“I’m getting ready to put my house on the market. What do I need to do to get it to sell?”
It is a question I’m asked a lot by clients and prospective clients.
So many people watch HGTV these days that they already have some idea of what to do. But, as you probably learned as a kid, don’t take television as Gospel.
What you need to do to get your house ready to go on the market comes down to three key variables. Before you decide how to prioritize those conditions, the first step in the process is to have a real estate agent come over and take a look at the property.
I can’t stress enough the importance of a realtor seeing a property firsthand. Some agents these days ask clients to sign a listing agreement without ever going over to take a look at the property they’re being asked to list. Bad idea. A professional should always know what he or she is dealing with before going ahead and listing a property. It’s how a “professional” earns the title.
And here’s why it’s important for a professional to see a property firsthand: A seller may be thinking about making improvements that he or she thinks is necessary to get the house sold. But in reality, those projects may not need to be done. Often, I have visited homes and advised clients NOT to make repairs or improvements they were thinking about making. The reason: they’re thinking that the repairs will increase the value of the property, but in fact, they won’t. The “repairs” will only increase expenses and not substantially do anything to the property’s appeal.
Take a house that is in really bad shape. Sometimes a client may think doing a little something here or there will help, but one thing then leads to another, and the money is spent without doing anything to increase the value.
I recently had a prospective client who wanted to sell a house in “as is” condition. The house had a water issue some months prior and all the hardwood floors on the first floor were ruined. She was going to have a contractor replace the floors. On the surface, that sounds like a good move. But as I investigated the matter, I learned that the house was riddled with mold and facing foreclosure any day. Why invest a dime in a house in that situation?
Additionally, clients think that if they make certain improvements, the house will sell because it’s in a good area. That is not always the case.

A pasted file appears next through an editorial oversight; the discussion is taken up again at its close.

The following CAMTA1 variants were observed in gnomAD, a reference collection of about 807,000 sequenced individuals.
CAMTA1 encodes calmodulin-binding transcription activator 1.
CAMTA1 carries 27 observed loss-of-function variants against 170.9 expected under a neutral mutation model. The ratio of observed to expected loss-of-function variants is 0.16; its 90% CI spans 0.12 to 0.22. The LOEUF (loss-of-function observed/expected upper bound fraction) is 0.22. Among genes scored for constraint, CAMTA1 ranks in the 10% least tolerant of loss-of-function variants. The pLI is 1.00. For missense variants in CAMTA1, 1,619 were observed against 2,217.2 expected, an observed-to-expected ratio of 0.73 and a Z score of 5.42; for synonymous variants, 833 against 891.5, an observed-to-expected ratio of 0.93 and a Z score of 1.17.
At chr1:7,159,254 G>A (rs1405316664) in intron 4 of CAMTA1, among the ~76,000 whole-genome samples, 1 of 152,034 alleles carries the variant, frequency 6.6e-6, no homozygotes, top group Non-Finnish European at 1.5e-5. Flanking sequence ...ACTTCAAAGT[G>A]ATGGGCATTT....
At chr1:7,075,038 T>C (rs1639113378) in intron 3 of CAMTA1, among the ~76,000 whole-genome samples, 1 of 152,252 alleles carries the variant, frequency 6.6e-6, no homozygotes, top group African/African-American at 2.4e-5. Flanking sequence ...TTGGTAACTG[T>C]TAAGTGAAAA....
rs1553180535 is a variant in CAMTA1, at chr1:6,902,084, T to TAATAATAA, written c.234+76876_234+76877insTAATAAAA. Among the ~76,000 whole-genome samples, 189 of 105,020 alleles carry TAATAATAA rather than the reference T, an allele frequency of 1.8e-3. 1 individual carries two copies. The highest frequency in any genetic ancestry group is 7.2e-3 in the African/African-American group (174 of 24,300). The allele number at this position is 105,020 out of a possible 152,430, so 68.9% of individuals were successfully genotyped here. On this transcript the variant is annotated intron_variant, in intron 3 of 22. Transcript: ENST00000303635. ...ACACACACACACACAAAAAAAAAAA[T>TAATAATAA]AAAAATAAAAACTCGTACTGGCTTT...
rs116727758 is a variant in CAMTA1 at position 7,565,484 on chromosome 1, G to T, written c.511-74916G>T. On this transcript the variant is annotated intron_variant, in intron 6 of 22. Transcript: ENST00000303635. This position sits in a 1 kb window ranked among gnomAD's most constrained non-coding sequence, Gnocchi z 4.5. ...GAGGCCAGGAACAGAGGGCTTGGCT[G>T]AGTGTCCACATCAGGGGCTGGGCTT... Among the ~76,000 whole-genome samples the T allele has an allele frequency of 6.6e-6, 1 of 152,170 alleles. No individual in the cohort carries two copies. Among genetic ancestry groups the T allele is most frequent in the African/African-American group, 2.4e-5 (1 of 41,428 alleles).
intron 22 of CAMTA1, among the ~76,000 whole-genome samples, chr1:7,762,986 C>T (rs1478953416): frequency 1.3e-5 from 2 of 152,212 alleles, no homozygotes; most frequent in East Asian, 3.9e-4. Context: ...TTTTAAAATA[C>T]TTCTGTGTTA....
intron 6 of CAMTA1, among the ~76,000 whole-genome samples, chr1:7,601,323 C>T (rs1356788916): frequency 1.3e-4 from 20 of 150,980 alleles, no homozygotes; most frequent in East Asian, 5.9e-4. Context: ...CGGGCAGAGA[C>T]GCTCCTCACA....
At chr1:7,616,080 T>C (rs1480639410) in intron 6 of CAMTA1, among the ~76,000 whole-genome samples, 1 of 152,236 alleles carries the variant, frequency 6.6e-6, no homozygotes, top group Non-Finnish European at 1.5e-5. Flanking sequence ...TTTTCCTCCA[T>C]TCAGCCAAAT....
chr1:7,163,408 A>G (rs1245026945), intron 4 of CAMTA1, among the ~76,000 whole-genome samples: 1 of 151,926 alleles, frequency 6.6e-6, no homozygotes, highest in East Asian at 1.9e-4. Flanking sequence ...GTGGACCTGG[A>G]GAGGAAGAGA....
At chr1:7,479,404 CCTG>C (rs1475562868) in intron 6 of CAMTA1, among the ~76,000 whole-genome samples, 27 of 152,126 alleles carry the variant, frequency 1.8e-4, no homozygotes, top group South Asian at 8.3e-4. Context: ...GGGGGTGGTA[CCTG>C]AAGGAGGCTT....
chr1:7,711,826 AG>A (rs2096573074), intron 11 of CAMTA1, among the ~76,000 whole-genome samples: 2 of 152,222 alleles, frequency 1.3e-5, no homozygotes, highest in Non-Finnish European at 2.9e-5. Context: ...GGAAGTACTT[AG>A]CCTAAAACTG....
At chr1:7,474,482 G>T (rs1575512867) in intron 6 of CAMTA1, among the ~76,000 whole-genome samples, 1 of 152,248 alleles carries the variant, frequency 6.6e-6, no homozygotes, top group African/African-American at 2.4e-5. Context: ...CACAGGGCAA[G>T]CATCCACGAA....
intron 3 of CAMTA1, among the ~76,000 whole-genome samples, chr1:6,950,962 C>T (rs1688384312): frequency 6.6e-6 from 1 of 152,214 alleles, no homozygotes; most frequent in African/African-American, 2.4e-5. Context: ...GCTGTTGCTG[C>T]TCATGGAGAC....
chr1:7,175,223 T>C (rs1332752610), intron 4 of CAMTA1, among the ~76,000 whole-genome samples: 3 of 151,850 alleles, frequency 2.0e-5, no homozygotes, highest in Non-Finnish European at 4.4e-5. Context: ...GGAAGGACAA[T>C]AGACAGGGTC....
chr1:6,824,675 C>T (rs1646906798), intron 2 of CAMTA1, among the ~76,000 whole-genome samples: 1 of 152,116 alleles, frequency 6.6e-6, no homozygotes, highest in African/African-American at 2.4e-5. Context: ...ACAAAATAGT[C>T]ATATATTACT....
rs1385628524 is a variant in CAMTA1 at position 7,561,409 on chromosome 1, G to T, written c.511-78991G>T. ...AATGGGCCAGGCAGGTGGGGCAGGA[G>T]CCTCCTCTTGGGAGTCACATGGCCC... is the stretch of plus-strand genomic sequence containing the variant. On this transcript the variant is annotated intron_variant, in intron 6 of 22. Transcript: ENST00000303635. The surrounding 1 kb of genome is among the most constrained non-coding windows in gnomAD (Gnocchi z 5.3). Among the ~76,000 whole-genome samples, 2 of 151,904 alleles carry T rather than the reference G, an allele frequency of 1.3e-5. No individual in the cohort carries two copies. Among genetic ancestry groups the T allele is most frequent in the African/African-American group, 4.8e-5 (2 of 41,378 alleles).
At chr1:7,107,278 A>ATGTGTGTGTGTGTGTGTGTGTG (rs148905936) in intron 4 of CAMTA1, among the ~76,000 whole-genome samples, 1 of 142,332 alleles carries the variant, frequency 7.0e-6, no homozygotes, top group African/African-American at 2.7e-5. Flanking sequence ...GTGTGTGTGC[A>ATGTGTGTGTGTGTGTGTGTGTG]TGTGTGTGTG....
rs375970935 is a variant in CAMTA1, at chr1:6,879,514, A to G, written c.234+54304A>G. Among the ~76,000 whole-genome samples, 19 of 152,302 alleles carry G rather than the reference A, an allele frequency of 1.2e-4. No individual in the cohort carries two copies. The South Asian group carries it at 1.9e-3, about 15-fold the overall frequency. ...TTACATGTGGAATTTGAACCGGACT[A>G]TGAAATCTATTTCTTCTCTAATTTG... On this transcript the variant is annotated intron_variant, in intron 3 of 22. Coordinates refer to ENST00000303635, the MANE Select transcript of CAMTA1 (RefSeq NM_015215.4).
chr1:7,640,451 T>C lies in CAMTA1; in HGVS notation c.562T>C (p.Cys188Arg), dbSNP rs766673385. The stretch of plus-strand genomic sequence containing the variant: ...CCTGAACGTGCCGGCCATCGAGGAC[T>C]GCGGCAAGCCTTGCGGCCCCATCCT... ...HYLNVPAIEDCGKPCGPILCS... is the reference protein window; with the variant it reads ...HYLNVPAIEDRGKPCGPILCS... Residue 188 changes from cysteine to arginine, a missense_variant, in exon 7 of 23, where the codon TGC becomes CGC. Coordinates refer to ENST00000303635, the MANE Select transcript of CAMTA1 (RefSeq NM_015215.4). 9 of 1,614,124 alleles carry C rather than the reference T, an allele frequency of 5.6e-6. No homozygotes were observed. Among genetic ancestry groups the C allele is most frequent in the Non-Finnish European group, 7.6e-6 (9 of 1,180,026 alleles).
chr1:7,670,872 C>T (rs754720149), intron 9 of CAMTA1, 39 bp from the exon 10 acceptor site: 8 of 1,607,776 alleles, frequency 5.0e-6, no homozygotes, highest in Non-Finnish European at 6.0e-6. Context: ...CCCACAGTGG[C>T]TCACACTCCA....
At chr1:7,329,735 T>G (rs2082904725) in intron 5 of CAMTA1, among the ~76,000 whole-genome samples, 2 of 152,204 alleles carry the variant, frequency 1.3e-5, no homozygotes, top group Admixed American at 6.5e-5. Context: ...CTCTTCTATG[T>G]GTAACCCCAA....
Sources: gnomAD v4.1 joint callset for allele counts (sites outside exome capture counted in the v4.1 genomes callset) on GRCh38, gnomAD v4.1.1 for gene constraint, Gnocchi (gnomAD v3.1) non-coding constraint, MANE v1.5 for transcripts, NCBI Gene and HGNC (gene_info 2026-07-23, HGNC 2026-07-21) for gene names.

There’s a frequently misstated adage that “real estate is about location, location, location.” In my opinion, real estate is about a combination of price, condition, and location.
Everything comes for a price, but the proper combination of the three variables is what’s going to sell a house.
When the three criteria are successfully combined, a seller will be successful in selling a house in the shortest time possible for the most amount of money. However, if any of the three are off, the price will be affected.
Price of a Home
You’re probably wondering what I mean when I say “price affects price.” That sounds tautological, like I’m going around in circles. But, hear me out. There’s a logic to it. There is a sweet spot for pricing a home to sell. That’s why I always encourage sellers to price their house as close to that spot as possible.
When a seller prices his or her home for a sale, the goal is to get it sold as quickly as possible for the most money that the market will bear. However, when a seller overprices a home, he or she creates risk that usually exceeds the reward from maximizing the price — and the property remains on the market longer than it should have. The longer a property sits, the lower a price the seller will get. When a listing gets stale, a savvy buyer or buyer’s agent will see that and capitalize on it.
Say the right price of a home is $250,000 and the seller insists on a higher price or the selling agent wants to try to squeeze out a few extra dollars, so it goes on the market for $275,000. After a month’s time, there will be no offers and very few showings or other activity. Now, the seller decides to lower the price to where it should have been in the first place. Good decision, but the listing is now a month old and a buyer can sense that a seller is more anxious than a month ago and will sacrifice more money to get the house sold. So the buyer comes in with an even lower price than what would have been the sale price if it had been marketed at the right price in the first place. This is how price affects price.
Condition of a Home
When it comes to the condition of a home, three factors can be helpful or detrimental to its sale: curb appeal, clutter, and evidence of water damage.
- Curb appeal: Appearance is the first item on everyone’s list. When buyers pull up in front of a home, they want to feel good energy as soon as they see it, and that means an attractive appearance. The lawn should be cut, the bushes hedged, and a nice bed of mulch with the appropriate seasonal flowers should be what buyers see right out of the gate.